21 CFR § 314.103 - Dispute resolution.
(a) General. FDA is committed to resolving differences between applicants and FDA reviewing divisions with respect to technical requirements for applications or abbreviated applications as quickly and amicably as possible through the cooperative exchange of information and views.
(b) Administrative and procedural issues. When administrative or procedural disputes arise, the applicant should first attempt to resolve the matter with the division responsible for reviewing the application or abbreviated application, beginning with the consumer safety officer assigned to the application or abbreviated application. If resolution is not achieved, the applicant may raise the matter with the person designated as ombudsman, whose function shall be to investigate what has happened and to facilitate a timely and equitable resolution. Appropriate issues to raise with the ombudsman include resolving difficulties in scheduling meetings, obtaining timely replies to inquiries, and obtaining timely completion of pending reviews. Further details on this procedure are contained in a staff manual guide that is publicly available under FDA's public information regulations in part 20.
(c) Scientific and medical disputes.
(1) Because major scientific issues are ordinarily communicated to applicants in a complete response letter pursuant to § 314.110, the “end-of-review conference” described in § 314.102(d) will provide a timely forum for discussing and resolving, if possible, scientific and medical issues on which the applicant disagrees with the agency. In addition, the “ninety-day conference” described in § 314.102(c) will provide a timely forum for discussing and resolving, if possible, issues identified by that date.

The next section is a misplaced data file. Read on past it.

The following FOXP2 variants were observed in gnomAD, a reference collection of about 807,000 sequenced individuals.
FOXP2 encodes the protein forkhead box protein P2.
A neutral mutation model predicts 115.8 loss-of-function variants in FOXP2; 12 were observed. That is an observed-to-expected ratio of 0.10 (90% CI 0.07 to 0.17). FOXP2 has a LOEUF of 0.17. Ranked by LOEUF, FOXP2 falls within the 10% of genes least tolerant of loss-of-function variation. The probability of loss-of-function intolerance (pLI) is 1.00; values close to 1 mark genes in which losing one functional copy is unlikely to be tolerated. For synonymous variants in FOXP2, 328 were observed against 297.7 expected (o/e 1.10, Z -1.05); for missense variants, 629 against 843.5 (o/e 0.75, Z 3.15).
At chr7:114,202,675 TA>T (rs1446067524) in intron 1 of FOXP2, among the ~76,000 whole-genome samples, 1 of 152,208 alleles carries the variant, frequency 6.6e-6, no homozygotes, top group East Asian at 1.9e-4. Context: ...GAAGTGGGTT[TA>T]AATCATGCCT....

(2) When scientific or medical disputes arise at other times during the review process, applicants should discuss the matter directly with the responsible reviewing officials. If necessary, applicants may request a meeting with the appropriate reviewing officials and management representatives in order to seek a resolution. Ordinarily, such meetings would be held first with the Division Director, then with the Office Director, and finally with the Center Director if the matter is still unresolved. Requests for such meetings shall be directed to the director of the division responsible for reviewing the application or abrreviated application. FDA will make every attempt to grant requests for meetings that involve important issues and that can be scheduled at mutually convenient times.
(3) In requesting a meeting designed to resolve a scientific or medical dispute, applicants may suggest that FDA seek the advice of outside experts, in which case FDA may, in its discretion, invite to the meeting one or more of its advisory committee members or other consultants, as designated by the agency. Applicants may also bring their own consultants. For major scientific and medical policy issues not resolved by informal meetings, FDA may refer the matter to one of its standing advisory committees for its consideration and recommendations.